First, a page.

so a prior knowledge of that platform was helpful, as this allowed users to adapt
and customise certain functionalities.
Future studies could benefit from incorporation of other softwares, such as
Unity Reflect, that allow sending data from third-party plugins such as Rhinoceros,
Revit, or Sketchup to a Unity Reflect cloud server or to a Reflect server on your
machine. This data is then pushed to the device of choice, such as IOS or Android
phones or the Unity Editor itself where the data can be enhanced. This improves
overall workflow, because a live data link can be set up between the base geometry
and the applications. This data change can be viewed simultaneously by users
across multiple applications.
Today, AR enhanced craftsmanship has the ability to be taught remotely and online
around the world by the aid of XR integration. This study demonstrates that
XR and photogrammetry technology have the ability to enhance clay modelling
craftsmanship, allowing for a technology-driven democratisation of skill. The
incremental slippage between sculpting iterations showcases how, as the hand
becomes a key component in these computer-numerically-controlled workflows,
inevitable innate and unpredictable human imprecision, inaccuracy, and error can
become a constructive, qualitative part of the creative process. In doing so,
this study proposes a counter-narrative to common research on robotic or CNC
fabrication aiming for high accuracy and precision.
This workshop was taught by Dr. Kristof Crolla (LEAD/HKU), Garvin Goepel
(CUHK), Keung Shing Fung, Adwin (CUHK), and Chan Tsz Sun, Ovan (CUHK)
as part of the Digital FUTURES World Workshops from 27 June to 03 July 2020,
with participants Akshata Ghuge, Duong Nguyen, Xu Jiaqi, Xu Ke, Li Yuan, Yao
Jiaxian, Hong Yuhan, Luisa Gutierrez, Zhuang Xinwei. Visualisations were made
by Julien Klisz (LEAD).
30 G. GOEPEL AND K. CROLLA
“Unity Reflect” : 2020. Available from <https://unity.com/> (accessed 4th February 2021).
“3D Scanner App” : 2020. Available from <https://www.3dscannerapp.com/> (accessed 4th
“Theasys” : 2020. Available from <https://www.theasys.io/> (accessed 4th February 2021).
“ReCap” : 2020. Available from <https://www.autodesk.com/products/recap/overview>
(accessed 4th February 2021).
“Meshroom” : 2020. Available from <https://alicevision.org/> (accessed 4th February 2021).
“Grasshopper3D” : 2020. Available from <https://www.grasshopper3d.com/> (accessed 4th
“Fologram” : 2020. Available from <https://fologram.com/> (accessed 4th February 2021).
“Rhinoceros3D” : 2020. Available from <https://www.rhino3d.com/> (accessed 4th February
“Apple Website: I-Phone 12 Pro and pro max” : 2020. Available from <https://www.appl
(accessed 10th December 2020).
Chi, H.L., Kang, S.-C. and Wang, X.: 2013, Research Trends and Opportunities of Augmented
Reality Applications in Architecture, Engineering, and Construction, Automation in
Chu, M., Matthews, J. and Love, P.E.D.: 2018, Integrating Mobile Building Information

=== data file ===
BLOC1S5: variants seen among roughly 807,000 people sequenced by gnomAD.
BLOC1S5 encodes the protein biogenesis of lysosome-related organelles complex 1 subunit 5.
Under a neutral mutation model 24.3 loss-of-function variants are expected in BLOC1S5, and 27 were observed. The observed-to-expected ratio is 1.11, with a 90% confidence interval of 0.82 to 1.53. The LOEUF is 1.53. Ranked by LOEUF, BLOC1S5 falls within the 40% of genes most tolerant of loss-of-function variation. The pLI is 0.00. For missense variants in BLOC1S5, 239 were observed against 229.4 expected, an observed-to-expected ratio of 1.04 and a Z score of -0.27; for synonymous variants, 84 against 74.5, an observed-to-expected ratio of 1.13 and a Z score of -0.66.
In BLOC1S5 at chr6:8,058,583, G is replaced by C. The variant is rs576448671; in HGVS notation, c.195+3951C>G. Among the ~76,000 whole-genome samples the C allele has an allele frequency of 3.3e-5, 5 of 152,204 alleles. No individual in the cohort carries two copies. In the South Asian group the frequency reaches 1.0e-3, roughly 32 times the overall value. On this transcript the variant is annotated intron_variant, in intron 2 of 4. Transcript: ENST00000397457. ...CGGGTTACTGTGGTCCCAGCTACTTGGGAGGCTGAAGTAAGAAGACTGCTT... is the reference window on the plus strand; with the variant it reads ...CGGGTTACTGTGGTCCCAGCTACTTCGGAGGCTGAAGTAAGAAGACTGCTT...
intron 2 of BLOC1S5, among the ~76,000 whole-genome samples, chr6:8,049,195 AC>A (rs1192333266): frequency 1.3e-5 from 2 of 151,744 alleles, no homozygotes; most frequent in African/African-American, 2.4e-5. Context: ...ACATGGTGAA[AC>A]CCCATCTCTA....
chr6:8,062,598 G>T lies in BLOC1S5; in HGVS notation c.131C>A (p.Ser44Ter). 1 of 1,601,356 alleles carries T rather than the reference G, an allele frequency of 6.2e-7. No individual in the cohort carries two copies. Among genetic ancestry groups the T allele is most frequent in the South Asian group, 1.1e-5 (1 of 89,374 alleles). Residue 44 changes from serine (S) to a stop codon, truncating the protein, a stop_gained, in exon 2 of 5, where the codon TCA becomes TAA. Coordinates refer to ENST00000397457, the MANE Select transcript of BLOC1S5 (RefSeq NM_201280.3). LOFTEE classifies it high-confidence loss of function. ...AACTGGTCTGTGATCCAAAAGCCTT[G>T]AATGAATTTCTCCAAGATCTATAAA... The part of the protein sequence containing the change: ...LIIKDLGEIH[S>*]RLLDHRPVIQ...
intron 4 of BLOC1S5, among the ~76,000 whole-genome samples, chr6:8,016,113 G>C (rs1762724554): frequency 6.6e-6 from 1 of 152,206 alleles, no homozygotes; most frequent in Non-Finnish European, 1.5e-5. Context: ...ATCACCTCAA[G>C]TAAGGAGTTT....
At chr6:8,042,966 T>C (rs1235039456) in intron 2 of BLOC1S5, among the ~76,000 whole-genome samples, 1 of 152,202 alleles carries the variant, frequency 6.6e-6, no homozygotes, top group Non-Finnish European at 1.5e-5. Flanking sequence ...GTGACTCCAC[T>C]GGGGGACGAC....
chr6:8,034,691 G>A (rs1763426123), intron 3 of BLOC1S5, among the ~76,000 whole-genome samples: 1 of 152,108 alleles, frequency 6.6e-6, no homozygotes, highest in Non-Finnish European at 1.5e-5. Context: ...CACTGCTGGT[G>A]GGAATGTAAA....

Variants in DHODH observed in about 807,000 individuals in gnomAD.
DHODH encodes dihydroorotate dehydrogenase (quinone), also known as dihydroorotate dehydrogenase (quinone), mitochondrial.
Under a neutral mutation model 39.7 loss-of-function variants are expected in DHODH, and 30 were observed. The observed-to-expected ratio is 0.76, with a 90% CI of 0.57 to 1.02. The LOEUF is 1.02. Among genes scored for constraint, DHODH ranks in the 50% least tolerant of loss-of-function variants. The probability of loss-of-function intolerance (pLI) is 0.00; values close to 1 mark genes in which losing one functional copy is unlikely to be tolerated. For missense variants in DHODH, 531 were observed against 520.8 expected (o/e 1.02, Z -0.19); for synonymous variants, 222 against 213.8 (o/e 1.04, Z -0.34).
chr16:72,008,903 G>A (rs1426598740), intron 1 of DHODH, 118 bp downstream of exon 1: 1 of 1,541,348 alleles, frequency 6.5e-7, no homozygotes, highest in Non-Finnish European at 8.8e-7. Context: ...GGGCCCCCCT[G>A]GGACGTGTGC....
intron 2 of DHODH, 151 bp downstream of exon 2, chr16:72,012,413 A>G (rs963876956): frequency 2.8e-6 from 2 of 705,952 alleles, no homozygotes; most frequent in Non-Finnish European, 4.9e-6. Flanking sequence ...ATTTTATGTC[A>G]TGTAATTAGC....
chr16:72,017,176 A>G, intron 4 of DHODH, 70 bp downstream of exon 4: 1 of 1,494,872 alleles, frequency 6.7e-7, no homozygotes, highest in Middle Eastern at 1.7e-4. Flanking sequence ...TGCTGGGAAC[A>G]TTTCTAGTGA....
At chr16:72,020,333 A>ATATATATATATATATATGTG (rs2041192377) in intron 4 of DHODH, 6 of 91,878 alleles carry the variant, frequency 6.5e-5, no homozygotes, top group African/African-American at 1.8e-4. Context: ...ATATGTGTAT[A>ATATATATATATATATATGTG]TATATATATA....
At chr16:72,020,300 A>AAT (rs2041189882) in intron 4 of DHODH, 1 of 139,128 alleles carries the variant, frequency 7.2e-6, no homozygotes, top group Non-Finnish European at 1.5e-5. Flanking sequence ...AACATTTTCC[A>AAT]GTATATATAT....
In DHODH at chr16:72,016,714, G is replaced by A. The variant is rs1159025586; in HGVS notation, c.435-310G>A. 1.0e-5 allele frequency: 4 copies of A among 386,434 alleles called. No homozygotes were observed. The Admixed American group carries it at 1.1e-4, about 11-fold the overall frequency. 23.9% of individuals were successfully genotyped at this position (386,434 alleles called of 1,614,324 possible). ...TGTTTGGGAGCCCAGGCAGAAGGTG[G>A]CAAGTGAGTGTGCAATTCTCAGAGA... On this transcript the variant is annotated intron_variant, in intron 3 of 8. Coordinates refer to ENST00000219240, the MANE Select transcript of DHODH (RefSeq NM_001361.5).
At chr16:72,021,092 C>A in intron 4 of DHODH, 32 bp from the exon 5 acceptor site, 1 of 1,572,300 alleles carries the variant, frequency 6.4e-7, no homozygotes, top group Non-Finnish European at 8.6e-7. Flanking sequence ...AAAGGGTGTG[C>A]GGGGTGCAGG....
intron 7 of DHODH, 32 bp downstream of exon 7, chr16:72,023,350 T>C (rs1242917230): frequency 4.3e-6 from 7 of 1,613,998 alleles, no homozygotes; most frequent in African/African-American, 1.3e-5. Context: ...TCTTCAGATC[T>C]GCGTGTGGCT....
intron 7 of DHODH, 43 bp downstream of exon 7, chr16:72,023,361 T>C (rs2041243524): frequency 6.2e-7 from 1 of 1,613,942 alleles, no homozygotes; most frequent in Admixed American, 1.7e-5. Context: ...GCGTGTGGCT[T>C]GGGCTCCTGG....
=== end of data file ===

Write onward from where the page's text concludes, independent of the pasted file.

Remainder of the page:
Modelling and Augmented Reality Systems: An Experimental Study, Automation in
Crolla, K.: 2018, Building simplexity: the ‘more or less’ of post-digital architecture practice,
Ph.D. Thesis, RMIT University.
Crolla, K., Goepel, G., Keung, S.F.A. and Chan, T.A.O.: 2020, “Secret Whispers &
Transmogrifications Workshop Website” . Available from <https://secretwhispers2020.w
ixsite.com/secretwhispers> (accessed 10th December 2020).
Franco, J.T.: 2019, “This is How a Complex Brick Wall is Built Using Augmented Reality”
. Available from <https://www.archdaily.com/908618/this-is-how-a-complex-brick-wall-is
-built-using-augmented-reality.ISSN0719-8884> (accessed June 9, 2020).
Goepel, G.: 2019, Augmented Construction - Impact and opportunity of Mixed Reality
integration in Architectural Design Implementation, In Ubiquity and Autonomy,
Proceedings of the 39th Annual Conference of the Association for Computer Aided Design
in Architecture (ACADIA), Austin Texas, 430-437.
Goepel, G. and Crolla, K.: 2020, AUGMENTED REALITY-BASED COLLABORATION -
ARgan, a bamboo art installation case study, In RE: Anthropocene, Design in the Age of
Humans - Proceedings of the 25th CAADRIA Conference, Bangkok, 313-322.
Jahn, G., Newnham, C., van den Berg, N. and Beanland, M.: 2018, Making in Mixed
Reality: Holographic design, fabrication, assembly and analysis of woven steel struc-tures,
Recalibration: On Imprecision and Infidelity Structures, Proceedings of the 38th Annual
Conference of the Association for Computer Aided Design in Architecture 2018 (ACADIA),
Mexico City, 88-97.
Jahn, G., Newnham, C., van den Berg, N., Iraheta, M.I. and Wells, J.: 2019, Holographic
Construction“. In Impact: Design With All Senses, Design Modelling Symposium Berlin,
Jahn, G., Wit, A. and Pazzi, J.: 2019, “[BENT] Holographic handcraft in large-scale steam-bent
timber structures, Ubiquity and Autonomy, Proceedings of the 39th Annual Conference of the
Association for Computer Aided Design in Architecture (ACADIA), Austin Texas, 438-447.
Ren, J., Liu, Y. and Ruan, Z.: 2016, Architecture in an Age of Augmented Reality: Applications
and Practices for Mobile Intelligence BIM-based AR in the Entire Lifecycle, International
Conference on Electronic Information Technology and Intellectualization, Guangzhou,